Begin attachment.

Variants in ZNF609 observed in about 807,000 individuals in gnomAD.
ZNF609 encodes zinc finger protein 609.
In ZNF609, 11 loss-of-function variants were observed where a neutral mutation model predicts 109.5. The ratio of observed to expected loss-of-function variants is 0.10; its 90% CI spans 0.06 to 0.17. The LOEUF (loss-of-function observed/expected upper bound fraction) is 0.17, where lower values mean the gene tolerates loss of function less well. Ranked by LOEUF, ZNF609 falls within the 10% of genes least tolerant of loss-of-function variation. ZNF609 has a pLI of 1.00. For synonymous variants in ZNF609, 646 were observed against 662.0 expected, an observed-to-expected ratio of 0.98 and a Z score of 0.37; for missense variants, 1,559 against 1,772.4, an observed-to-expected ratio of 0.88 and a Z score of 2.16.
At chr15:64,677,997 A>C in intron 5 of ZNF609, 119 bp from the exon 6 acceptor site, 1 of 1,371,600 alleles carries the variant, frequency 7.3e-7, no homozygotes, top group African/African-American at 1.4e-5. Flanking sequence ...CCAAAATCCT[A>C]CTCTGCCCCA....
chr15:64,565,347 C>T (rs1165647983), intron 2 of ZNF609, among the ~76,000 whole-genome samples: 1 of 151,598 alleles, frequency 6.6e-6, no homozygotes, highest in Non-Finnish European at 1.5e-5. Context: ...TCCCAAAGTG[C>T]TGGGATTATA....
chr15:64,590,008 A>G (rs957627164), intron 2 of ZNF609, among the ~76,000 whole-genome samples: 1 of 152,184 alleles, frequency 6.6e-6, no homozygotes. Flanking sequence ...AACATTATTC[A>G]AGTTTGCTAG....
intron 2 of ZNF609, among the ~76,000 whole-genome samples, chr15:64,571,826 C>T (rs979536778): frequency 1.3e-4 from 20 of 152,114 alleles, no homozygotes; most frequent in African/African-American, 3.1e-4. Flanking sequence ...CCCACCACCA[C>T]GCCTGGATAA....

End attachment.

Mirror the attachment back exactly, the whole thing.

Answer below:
Variants in ZNF609 observed in about 807,000 individuals in gnomAD.
ZNF609 encodes zinc finger protein 609.
In ZNF609, 11 loss-of-function variants were observed where a neutral mutation model predicts 109.5. The ratio of observed to expected loss-of-function variants is 0.10; its 90% CI spans 0.06 to 0.17. The LOEUF (loss-of-function observed/expected upper bound fraction) is 0.17, where lower values mean the gene tolerates loss of function less well. Ranked by LOEUF, ZNF609 falls within the 10% of genes least tolerant of loss-of-function variation. ZNF609 has a pLI of 1.00. For synonymous variants in ZNF609, 646 were observed against 662.0 expected, an observed-to-expected ratio of 0.98 and a Z score of 0.37; for missense variants, 1,559 against 1,772.4, an observed-to-expected ratio of 0.88 and a Z score of 2.16.
At chr15:64,677,997 A>C in intron 5 of ZNF609, 119 bp from the exon 6 acceptor site, 1 of 1,371,600 alleles carries the variant, frequency 7.3e-7, no homozygotes, top group African/African-American at 1.4e-5. Flanking sequence ...CCAAAATCCT[A>C]CTCTGCCCCA....
chr15:64,565,347 C>T (rs1165647983), intron 2 of ZNF609, among the ~76,000 whole-genome samples: 1 of 151,598 alleles, frequency 6.6e-6, no homozygotes, highest in Non-Finnish European at 1.5e-5. Context: ...TCCCAAAGTG[C>T]TGGGATTATA....
chr15:64,590,008 A>G (rs957627164), intron 2 of ZNF609, among the ~76,000 whole-genome samples: 1 of 152,184 alleles, frequency 6.6e-6, no homozygotes. Flanking sequence ...AACATTATTC[A>G]AGTTTGCTAG....
intron 2 of ZNF609, among the ~76,000 whole-genome samples, chr15:64,571,826 C>T (rs979536778): frequency 1.3e-4 from 20 of 152,114 alleles, no homozygotes; most frequent in African/African-American, 3.1e-4. Flanking sequence ...CCCACCACCA[C>T]GCCTGGATAA....